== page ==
New data shows millennials love what Wall Street's biggest banks have to offer them

Robot warning danger signREUTERS/Chris BerryA warning sign hangs from a robotic area at the Whirlpool manufacturing plant in Cleveland, Tennessee August 21, 2013.

Millennials prefer to get their financial advice
in person more than any other age group.

That’s according to a report.

Also according to the report, millennials prefer getting advice in person to any other form of communication.

The news is good for big banks, like UBS and Morgan Stanley, which think they can fend off a stampede of startups looking to chip into their prized wealth management and asset management businesses.

The news is bad for startups, lik Betterment and Motif Investing, in New York and in the Bay Area that have crashed the personal finance space, set on chipping into a multi-trillion dollar industry.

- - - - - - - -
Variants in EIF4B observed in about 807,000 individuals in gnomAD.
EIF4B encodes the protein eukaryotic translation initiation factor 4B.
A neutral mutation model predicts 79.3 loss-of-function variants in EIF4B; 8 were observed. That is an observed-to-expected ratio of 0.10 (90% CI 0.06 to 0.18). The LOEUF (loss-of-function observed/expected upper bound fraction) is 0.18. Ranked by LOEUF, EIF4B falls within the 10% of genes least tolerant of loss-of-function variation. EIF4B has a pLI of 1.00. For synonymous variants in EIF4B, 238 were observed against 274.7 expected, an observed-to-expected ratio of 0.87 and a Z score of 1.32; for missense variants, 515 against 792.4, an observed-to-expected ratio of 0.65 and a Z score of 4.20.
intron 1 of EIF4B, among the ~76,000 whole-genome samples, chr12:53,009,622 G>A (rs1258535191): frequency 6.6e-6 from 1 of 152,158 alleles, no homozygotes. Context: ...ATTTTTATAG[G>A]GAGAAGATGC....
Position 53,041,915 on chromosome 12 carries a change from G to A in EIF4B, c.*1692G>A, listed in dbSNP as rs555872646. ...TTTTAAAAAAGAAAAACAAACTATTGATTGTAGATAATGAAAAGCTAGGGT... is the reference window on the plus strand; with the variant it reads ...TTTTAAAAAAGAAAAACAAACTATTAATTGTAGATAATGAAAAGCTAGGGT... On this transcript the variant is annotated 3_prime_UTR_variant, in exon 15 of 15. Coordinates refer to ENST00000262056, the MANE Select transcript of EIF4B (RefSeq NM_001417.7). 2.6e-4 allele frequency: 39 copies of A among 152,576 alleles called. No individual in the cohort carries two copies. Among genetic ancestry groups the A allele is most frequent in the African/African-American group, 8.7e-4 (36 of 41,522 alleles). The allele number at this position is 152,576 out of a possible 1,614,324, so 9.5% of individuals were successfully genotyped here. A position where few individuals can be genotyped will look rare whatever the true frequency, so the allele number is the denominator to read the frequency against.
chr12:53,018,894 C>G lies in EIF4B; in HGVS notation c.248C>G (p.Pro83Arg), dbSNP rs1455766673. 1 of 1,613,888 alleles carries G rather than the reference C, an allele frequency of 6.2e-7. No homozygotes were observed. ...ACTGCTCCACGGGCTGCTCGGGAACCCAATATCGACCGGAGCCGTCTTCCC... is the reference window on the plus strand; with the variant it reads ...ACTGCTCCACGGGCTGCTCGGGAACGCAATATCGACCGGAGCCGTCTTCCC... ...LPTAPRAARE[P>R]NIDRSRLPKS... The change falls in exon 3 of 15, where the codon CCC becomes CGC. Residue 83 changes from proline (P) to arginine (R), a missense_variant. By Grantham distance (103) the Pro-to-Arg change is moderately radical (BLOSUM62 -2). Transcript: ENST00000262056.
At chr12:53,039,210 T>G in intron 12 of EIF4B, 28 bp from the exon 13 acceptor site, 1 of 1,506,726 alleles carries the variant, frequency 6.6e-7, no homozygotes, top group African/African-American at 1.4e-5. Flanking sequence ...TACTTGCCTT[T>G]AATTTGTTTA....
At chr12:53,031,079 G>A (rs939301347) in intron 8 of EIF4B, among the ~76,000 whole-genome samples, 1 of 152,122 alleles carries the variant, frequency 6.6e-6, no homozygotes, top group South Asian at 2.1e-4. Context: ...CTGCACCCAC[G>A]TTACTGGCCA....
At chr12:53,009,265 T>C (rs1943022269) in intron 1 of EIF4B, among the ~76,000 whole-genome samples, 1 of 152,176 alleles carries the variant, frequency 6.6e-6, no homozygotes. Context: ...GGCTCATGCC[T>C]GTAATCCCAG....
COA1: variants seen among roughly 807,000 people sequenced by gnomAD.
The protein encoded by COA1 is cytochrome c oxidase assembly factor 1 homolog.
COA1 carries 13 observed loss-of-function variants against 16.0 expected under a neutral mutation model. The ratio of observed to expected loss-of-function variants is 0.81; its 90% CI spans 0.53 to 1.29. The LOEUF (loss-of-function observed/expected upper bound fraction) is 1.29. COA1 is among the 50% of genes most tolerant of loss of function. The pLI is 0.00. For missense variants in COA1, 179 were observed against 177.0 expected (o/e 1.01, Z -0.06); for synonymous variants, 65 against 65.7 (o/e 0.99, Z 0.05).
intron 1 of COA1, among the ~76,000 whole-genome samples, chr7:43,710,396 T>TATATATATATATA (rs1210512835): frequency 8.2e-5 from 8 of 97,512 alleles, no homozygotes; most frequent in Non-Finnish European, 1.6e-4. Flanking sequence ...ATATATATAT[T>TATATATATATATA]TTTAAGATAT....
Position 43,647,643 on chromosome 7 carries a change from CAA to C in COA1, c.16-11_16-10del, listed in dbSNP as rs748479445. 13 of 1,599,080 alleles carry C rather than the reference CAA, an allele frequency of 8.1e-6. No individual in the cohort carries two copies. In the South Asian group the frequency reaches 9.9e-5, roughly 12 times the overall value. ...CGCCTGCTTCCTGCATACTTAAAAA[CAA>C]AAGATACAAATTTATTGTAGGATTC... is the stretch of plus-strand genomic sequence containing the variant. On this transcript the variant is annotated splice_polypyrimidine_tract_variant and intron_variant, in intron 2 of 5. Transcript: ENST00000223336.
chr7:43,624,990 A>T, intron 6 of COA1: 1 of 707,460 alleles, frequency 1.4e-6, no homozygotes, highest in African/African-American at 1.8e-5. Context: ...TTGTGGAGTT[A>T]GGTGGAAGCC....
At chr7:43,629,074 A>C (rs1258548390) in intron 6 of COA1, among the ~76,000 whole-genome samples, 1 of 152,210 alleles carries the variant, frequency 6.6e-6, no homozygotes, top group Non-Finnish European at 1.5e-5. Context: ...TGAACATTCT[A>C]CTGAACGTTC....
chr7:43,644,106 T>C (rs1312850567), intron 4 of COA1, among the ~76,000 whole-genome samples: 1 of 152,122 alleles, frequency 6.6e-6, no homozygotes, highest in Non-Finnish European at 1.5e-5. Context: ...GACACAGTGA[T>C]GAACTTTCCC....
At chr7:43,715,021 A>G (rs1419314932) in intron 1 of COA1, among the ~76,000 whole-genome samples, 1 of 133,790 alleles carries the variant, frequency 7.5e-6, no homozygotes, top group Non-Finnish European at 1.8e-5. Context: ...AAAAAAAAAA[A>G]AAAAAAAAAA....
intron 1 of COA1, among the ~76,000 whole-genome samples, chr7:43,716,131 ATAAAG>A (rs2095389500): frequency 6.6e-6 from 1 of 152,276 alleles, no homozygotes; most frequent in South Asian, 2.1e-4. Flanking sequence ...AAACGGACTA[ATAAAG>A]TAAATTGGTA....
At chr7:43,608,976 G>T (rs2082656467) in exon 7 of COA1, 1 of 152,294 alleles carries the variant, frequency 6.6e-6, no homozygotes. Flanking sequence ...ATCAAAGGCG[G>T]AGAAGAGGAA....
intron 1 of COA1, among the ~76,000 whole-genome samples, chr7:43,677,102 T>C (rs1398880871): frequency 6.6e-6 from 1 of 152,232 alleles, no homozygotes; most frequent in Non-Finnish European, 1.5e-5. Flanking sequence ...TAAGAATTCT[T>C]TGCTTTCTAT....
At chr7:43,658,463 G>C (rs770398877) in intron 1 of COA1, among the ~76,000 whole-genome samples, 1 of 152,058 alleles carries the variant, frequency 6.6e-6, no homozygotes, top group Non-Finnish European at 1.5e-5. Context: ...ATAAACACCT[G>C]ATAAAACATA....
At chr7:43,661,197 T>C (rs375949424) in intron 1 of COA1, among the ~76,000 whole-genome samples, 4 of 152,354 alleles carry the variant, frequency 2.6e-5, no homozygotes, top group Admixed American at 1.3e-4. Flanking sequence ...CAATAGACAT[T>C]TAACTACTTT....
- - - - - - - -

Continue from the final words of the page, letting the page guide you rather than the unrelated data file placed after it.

Have a look at the graphic from Salesforce’s ‘2015 Wealth Management for Connected Investors’ report, below, which illustrates by age group how each prefers to get advice and make investment decisions:

Salesforce robo-advisor surveySalesforce.comMillennials prefer getting financial advice in person to any other form of communication.

For a little additional context, here’s the colour-coded chart Salesforce used to illustrate the survey (in case you don’t believe it):

Salesforce colour keySalesforce.comlSalesforce chart for identifying age groups

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